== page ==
While fans only have a few short days to find out if HBO's True Detective can take home the Best Drama Series award at the Emmys this Monday, HBO programming president Michael Lombardo confirmed at the Edinburgh TV Festival that Season 2 will start production in September for a Summer 2015 premiere, with casting to be announced shortly.
"We're going to start shooting in September for it to air next summer. [It has] different characters, a different setting. It's set in California, all of California. There are three cops. One of the characters is female. I think that's probably all I'm allowed to say. We'll probably be announcing casting soon."
There have been a number of actors rumored to be in contention for various roles this season, including Colin Farrell, Taylor Kitsch, Garrett Hedlund and Vince Vaughn. Elisabeth Moss was also reportedly approached for a role, but she denied any involvement with the show earlier this month.
The story reportedly centers on the death of Ben Caspar, the corrupt city manager of a fictional California city. Colin Farrell is reportedly up for the role of Ray Velcro, a detective with issues in both his personal and professional lives. Taylor Kitsch's rumored role is 28-year-old detective Paul Woodrugh, who has seen plenty of destruction and violence. Vince Vaughn is in contention to play Frank Semyon, a businessman who is pushing for a high-speed light-rail system that will link Northern and Southern California. The role Elisabeth Moss was rumored for is Ani Bezzerides, the sheriff of Monterey who has issues with gambling and alcohol.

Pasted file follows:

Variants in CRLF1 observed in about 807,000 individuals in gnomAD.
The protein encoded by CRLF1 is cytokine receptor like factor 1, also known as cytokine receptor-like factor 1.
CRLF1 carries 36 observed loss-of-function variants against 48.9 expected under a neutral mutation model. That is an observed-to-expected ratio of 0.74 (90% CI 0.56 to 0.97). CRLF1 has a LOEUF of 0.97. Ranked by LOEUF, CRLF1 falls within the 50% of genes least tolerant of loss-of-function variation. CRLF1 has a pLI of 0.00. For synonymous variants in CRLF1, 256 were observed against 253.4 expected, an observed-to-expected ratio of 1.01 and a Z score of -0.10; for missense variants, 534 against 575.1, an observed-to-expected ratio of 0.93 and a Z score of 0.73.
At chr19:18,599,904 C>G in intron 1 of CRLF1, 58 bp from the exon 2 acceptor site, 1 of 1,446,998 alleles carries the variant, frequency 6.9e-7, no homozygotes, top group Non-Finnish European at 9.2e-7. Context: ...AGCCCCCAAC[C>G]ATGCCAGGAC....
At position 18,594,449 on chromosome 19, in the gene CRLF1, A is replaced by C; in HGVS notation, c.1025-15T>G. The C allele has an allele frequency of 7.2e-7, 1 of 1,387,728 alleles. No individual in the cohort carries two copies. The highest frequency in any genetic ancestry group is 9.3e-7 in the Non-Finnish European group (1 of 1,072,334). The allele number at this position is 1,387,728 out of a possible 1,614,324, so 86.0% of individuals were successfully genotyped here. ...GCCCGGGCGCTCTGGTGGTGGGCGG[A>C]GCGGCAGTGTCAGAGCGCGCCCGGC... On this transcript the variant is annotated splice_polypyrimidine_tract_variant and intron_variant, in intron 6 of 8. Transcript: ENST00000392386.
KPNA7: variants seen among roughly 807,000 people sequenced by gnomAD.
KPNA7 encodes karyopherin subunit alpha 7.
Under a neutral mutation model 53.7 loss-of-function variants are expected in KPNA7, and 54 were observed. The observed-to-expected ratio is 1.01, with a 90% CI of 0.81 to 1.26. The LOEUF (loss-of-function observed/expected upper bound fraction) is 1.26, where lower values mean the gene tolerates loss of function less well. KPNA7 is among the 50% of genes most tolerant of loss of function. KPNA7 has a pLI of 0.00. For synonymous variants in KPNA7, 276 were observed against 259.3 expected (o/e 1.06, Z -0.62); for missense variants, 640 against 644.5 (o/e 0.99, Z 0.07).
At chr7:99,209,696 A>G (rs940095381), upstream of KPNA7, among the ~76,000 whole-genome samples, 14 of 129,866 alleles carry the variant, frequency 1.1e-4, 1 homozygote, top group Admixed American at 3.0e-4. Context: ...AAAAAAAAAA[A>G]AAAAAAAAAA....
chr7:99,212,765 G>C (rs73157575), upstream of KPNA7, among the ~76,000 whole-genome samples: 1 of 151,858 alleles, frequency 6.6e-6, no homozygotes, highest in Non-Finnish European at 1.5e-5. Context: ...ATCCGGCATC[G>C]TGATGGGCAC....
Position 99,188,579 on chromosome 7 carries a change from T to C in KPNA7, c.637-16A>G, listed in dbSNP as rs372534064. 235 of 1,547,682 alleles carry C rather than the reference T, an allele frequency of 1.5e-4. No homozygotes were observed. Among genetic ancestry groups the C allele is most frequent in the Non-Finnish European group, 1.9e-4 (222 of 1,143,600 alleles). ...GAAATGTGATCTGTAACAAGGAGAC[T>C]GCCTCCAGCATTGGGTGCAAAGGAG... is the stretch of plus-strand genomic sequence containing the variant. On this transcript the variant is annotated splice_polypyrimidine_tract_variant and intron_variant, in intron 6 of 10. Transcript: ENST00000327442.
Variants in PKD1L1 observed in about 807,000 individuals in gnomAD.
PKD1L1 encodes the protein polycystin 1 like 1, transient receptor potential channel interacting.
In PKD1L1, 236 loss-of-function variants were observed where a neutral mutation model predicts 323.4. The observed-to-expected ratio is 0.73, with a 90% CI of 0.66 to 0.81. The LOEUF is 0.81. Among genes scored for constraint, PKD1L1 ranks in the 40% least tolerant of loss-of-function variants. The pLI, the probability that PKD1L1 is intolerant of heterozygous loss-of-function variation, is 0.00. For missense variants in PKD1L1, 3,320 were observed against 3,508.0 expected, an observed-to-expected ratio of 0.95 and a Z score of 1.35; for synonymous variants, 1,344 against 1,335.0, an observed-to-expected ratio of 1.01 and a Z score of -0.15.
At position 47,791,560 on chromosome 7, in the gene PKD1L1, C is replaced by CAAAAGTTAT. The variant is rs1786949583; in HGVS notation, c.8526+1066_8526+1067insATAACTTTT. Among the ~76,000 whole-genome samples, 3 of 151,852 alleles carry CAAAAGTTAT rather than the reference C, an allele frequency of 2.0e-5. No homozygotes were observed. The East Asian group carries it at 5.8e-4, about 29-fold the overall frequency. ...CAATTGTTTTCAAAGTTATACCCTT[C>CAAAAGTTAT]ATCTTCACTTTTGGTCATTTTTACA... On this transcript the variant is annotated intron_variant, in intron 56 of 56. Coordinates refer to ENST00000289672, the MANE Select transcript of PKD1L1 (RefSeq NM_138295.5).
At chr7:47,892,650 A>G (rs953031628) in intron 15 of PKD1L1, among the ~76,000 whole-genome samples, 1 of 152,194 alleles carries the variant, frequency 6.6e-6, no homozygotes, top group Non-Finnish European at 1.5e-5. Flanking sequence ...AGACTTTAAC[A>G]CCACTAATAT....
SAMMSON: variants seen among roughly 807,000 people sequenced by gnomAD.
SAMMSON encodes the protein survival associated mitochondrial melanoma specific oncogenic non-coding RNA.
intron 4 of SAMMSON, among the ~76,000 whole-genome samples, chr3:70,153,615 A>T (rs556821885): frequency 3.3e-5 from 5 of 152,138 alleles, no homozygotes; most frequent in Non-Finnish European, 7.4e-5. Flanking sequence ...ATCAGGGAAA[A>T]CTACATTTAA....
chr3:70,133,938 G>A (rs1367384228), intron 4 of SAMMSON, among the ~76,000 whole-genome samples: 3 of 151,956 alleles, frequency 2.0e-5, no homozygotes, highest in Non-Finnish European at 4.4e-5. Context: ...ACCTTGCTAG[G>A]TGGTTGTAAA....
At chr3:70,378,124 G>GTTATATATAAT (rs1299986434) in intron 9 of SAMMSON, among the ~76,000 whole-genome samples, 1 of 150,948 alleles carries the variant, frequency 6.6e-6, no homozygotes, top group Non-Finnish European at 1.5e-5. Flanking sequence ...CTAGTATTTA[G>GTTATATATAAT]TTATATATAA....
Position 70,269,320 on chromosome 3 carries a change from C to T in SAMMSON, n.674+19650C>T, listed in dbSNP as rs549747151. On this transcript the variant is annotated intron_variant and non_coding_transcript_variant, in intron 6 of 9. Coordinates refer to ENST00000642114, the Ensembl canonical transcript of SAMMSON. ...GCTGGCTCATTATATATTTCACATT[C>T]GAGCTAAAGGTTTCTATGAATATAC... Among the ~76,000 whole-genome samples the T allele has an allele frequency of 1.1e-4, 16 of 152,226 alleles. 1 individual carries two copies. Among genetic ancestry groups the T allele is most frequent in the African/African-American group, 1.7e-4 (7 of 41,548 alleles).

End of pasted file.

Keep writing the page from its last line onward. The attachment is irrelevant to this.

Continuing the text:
Of course, none of this has been confirmed yet, but if production is starting in September, hopefully we'll hear more concrete details soon.
Michael Lombardo also revealed he has read scripts for the first two Season 2 episodes, written by series creator Nic Pizzolatto, plus outlines for subsequent episodes. Here's what he had to say, revealing that the writing is even better than the first season.
"When you have a success like True Detective it's challenging, less for us and more for someone like Nic, how to face the page again and start afresh and not be haunted by the success of the show you've just done. But the writing is better than last season. It's exceptional."
Michael Lombardo also talked about his history with creator Nic Pizzolatto, revealing it was one of the few shows he wanted to make right after reading the pilot.
"We'd worked with Nic before. We hired him to do a pilot script, which we decided not to go forward with. But the writing was unbelievable. So we get a call to say Nic had written two episodes [of True Detective] and was it in with possibility for attached stars. And they gave us the first two scripts. I knew in the room that we had to do this. It was clear that they had packaged it and it was competitive. I just said 'I want to do this.'